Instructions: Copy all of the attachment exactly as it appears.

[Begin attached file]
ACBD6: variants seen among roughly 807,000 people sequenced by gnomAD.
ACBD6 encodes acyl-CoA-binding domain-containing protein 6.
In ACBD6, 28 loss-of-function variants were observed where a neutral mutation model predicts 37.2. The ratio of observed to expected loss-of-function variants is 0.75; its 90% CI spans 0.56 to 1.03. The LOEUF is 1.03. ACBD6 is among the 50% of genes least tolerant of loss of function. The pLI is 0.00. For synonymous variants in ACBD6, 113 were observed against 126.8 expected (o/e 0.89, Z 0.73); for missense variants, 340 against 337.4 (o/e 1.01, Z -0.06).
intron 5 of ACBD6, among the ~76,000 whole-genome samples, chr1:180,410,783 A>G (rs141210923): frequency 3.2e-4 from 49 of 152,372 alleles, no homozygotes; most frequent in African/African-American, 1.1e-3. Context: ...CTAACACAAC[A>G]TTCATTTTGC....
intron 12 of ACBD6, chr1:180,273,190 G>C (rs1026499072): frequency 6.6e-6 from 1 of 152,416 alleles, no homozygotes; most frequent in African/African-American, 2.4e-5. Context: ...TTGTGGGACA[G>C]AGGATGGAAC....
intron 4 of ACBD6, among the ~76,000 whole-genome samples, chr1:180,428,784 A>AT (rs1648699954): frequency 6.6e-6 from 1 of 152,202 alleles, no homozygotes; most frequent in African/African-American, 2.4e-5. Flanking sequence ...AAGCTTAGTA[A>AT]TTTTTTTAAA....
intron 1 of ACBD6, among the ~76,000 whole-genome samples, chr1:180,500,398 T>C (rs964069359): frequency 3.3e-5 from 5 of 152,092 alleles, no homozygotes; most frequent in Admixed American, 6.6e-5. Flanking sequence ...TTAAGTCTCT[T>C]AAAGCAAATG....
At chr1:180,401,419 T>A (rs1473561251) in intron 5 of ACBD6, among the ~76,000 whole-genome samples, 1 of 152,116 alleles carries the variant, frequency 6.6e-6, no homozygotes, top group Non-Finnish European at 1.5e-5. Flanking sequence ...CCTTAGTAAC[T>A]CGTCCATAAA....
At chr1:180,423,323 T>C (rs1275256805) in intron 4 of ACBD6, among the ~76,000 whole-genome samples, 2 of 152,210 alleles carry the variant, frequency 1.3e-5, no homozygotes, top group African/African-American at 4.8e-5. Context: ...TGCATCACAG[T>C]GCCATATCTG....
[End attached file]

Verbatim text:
ACBD6: variants seen among roughly 807,000 people sequenced by gnomAD.
ACBD6 encodes acyl-CoA-binding domain-containing protein 6.
In ACBD6, 28 loss-of-function variants were observed where a neutral mutation model predicts 37.2. The ratio of observed to expected loss-of-function variants is 0.75; its 90% CI spans 0.56 to 1.03. The LOEUF is 1.03. ACBD6 is among the 50% of genes least tolerant of loss of function. The pLI is 0.00. For synonymous variants in ACBD6, 113 were observed against 126.8 expected (o/e 0.89, Z 0.73); for missense variants, 340 against 337.4 (o/e 1.01, Z -0.06).
intron 5 of ACBD6, among the ~76,000 whole-genome samples, chr1:180,410,783 A>G (rs141210923): frequency 3.2e-4 from 49 of 152,372 alleles, no homozygotes; most frequent in African/African-American, 1.1e-3. Context: ...CTAACACAAC[A>G]TTCATTTTGC....
intron 12 of ACBD6, chr1:180,273,190 G>C (rs1026499072): frequency 6.6e-6 from 1 of 152,416 alleles, no homozygotes; most frequent in African/African-American, 2.4e-5. Context: ...TTGTGGGACA[G>C]AGGATGGAAC....
intron 4 of ACBD6, among the ~76,000 whole-genome samples, chr1:180,428,784 A>AT (rs1648699954): frequency 6.6e-6 from 1 of 152,202 alleles, no homozygotes; most frequent in African/African-American, 2.4e-5. Flanking sequence ...AAGCTTAGTA[A>AT]TTTTTTTAAA....
intron 1 of ACBD6, among the ~76,000 whole-genome samples, chr1:180,500,398 T>C (rs964069359): frequency 3.3e-5 from 5 of 152,092 alleles, no homozygotes; most frequent in Admixed American, 6.6e-5. Flanking sequence ...TTAAGTCTCT[T>C]AAAGCAAATG....
At chr1:180,401,419 T>A (rs1473561251) in intron 5 of ACBD6, among the ~76,000 whole-genome samples, 1 of 152,116 alleles carries the variant, frequency 6.6e-6, no homozygotes, top group Non-Finnish European at 1.5e-5. Flanking sequence ...CCTTAGTAAC[T>A]CGTCCATAAA....
At chr1:180,423,323 T>C (rs1275256805) in intron 4 of ACBD6, among the ~76,000 whole-genome samples, 2 of 152,210 alleles carry the variant, frequency 1.3e-5, no homozygotes, top group African/African-American at 4.8e-5. Context: ...TGCATCACAG[T>C]GCCATATCTG....